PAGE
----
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Tribesmen of Gor (Gorean Saga) Paperback – June 30, 2007
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In this tenth volume of John Norman's Gor series, Tarl Cabot must prove his final loyalty to the harsh and caste-bound planet known as counter-earth. "Surrender Gor," reads a message sent from the Others, a mysterious people from the worlds of steel. Either the proud rulers of Gor submit or be destroyed. Now Tarl Cabot is leaving the decadent city of Port Kar to wander in the wilds of Gor, taking up the sword to defend his rulers and enemies, the Priest-kings. For he knows that the fate of his home planet, earth, is inextricably tied to the fate of Gor. Coinciding with the 40th anniversary of the first book of the Gorean Saga, TARNSMAN OF GOR, E-Reads is proud to release the very first complete publication of all Gor books by John Norman, in both print and ebook editions, including the long-awaited 26th novel in the saga, WITNESS OF GOR. Many of the original Gor books have been out of print for years, but their popularity has endured. Each book of this release has been specially edited by the author and is a definitive text.
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These are the Gor books I read. After each book I’ve included how many stars I gave the story. Notice how the page count increases as the series goes on. This is not a good thing as I explain below.
Book 1 – Tarnsman of Gor (1966) p166 – 4 stars
Book 2 – Outlaw of Gor (1967) p220 – 2 stars
Book 3 – Priest-Kings of Gor (1968) p328 – 4 stars
Book 4 – Nomads of Gor (1969) p372 – 3 stars
Book 5 – Assassin of Gor (1971) p392 – 5 stars
Book 6 – Raiders of Gor (1971) p332 – 4 stars
I skipped Book 7 because the POV character changes from Tarl Cabot to Elinor Brinton.
Book 8 – Hunters of Gor (1974) p372 – 2 stars
Book 9 – Marauders of Gor (1975) p313 – 3 stars
Book 10 – Tribesman of Gor (1976) p449 – 1 stars
Book 33 – Rebels of Gor (2013) p654 – 2 stars
I found some of the stories good. But many of the books are bloated bores, lectures on the wonderments of female slavery instead of adventure stories. I read for adventure, not boring slave lectures. The stories I rated the highest are the ones with a high adventure to lecture ratio. Most of the books could be cut in half without losing any of the story. I’ll use Book 33, Rebels of Gor, as an example. It’s a 200-300 page adventure wrapped up in a long, repetitious, boring, slave lecture. The same information and dialogue are repeated over, and over, and over, and over, and . . . (Get the idea?)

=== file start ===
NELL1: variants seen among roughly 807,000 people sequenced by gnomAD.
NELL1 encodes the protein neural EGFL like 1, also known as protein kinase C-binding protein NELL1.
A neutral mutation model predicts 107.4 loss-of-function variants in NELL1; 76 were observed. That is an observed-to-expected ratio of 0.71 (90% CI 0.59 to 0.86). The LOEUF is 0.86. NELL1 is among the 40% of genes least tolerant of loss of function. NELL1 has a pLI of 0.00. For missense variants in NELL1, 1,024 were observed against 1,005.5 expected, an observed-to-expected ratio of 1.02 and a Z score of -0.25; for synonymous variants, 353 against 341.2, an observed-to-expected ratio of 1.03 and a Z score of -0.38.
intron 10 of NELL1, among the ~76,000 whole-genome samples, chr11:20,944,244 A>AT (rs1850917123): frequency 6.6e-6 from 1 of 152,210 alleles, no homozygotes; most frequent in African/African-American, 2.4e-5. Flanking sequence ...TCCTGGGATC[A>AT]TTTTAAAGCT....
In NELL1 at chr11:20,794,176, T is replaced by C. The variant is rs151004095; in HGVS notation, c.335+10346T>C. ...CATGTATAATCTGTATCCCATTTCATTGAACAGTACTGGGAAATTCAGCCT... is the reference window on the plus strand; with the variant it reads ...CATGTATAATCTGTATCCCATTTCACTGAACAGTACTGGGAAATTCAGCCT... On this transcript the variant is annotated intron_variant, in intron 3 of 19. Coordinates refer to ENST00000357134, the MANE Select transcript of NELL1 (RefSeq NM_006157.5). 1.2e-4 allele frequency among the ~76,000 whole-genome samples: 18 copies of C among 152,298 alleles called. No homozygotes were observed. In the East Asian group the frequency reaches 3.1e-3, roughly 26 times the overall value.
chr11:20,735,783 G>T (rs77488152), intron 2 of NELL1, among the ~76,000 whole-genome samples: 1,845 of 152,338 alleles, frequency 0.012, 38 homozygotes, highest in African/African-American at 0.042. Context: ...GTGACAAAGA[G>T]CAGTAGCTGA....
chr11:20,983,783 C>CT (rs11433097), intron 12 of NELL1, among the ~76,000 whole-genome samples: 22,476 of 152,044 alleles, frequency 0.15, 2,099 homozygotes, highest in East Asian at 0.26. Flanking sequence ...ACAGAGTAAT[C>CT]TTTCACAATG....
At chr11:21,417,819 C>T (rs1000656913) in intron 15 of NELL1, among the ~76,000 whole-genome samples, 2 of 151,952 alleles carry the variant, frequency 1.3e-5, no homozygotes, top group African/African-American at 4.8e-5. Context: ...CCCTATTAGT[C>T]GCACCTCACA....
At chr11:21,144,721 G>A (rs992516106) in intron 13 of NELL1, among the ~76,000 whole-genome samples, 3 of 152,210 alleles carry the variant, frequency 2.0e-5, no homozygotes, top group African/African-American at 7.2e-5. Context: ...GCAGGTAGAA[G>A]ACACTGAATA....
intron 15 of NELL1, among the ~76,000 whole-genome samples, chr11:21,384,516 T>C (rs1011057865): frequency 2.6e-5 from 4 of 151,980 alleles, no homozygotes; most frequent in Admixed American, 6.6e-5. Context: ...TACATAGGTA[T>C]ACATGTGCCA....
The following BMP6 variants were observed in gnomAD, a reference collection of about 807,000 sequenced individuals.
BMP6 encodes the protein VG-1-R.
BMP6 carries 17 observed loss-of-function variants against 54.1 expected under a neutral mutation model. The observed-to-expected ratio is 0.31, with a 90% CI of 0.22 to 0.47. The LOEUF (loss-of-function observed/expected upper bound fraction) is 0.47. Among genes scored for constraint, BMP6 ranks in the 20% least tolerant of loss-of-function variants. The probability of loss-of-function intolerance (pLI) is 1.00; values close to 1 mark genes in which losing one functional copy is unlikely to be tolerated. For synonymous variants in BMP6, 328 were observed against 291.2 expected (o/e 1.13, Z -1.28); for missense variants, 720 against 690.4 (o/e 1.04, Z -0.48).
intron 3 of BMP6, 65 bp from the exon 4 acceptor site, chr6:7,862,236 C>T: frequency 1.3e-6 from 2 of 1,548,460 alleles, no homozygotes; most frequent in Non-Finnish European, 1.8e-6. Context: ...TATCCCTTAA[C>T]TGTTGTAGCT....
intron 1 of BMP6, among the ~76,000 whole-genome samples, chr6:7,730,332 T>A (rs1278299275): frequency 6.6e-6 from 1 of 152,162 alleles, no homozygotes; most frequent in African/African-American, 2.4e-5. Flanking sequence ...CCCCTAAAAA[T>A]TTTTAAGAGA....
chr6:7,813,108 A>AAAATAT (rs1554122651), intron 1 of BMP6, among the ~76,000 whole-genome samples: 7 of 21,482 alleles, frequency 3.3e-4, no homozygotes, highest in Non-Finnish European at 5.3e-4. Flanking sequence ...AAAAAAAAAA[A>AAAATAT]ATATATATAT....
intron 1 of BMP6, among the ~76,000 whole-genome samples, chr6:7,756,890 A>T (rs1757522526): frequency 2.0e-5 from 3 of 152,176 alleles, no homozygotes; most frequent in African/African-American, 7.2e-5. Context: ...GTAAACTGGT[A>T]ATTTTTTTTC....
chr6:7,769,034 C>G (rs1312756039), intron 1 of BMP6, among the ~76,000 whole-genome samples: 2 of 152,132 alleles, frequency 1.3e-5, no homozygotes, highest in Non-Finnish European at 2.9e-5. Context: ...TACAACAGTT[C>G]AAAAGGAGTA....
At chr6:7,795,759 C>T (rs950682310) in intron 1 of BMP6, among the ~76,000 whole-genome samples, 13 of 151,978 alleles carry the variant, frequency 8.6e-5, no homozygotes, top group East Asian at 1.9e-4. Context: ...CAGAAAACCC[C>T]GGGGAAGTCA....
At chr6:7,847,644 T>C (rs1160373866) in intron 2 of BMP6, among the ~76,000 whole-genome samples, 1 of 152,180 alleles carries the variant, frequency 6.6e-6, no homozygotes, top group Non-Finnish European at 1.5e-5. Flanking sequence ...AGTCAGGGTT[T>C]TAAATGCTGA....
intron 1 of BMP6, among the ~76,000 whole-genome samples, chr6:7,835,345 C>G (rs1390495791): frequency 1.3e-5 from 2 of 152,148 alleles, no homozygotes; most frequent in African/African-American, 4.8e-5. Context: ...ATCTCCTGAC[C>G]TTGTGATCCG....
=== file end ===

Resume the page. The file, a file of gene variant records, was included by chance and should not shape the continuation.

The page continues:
If I revisit the Gorean Saga I’ll probably only read a few of the books that I found interesting this time around. In the meantime I’ll be spending more time with some of my favorite sci-fi and fantasy writers, Douglas Adams, Isaac Asimov, Paolo Bacigalupi, Ray Bradbury, Orson Scott Card, Jack Campbell, Arthur C. Clarke, Earnest Cline, Suzanne Collins, Abe Evergreen, Diana Gabaldon, Joe Haldeman, Robert A. Heinlein, Hugh Howey, George Martin, Larry Niven, Andre Norton, George Orwell, Patrick Rothfuss, Brandon Sanderson, John Scalzi, J.R.R. Tolkien and Andy Weir.
Starship Troopers (1959) (not like the movie) by Robert A. Heinlein is the book that got me started in sci-fi adventures, and has remained one of my top five favorite military science fiction adventure stories for decades. The Forever War (1974) by Joe Haldeman, Armor (1984) by John Steakley, Ender’s Game (1985) by Orson Scott Card and Old Man’s War (2005) by John Scalzi, round out my top five military sci-fi adventure stories.
The Tahari folk are interesting and never reappear in the books that I know of, sadly. I do recommend it, but also suggest skipping a large part of it as you go to enjoy the travels and battles, and not endure the rest.
Most recent customer reviews
I highly recommend this book but only after you read the first nine. Awesome!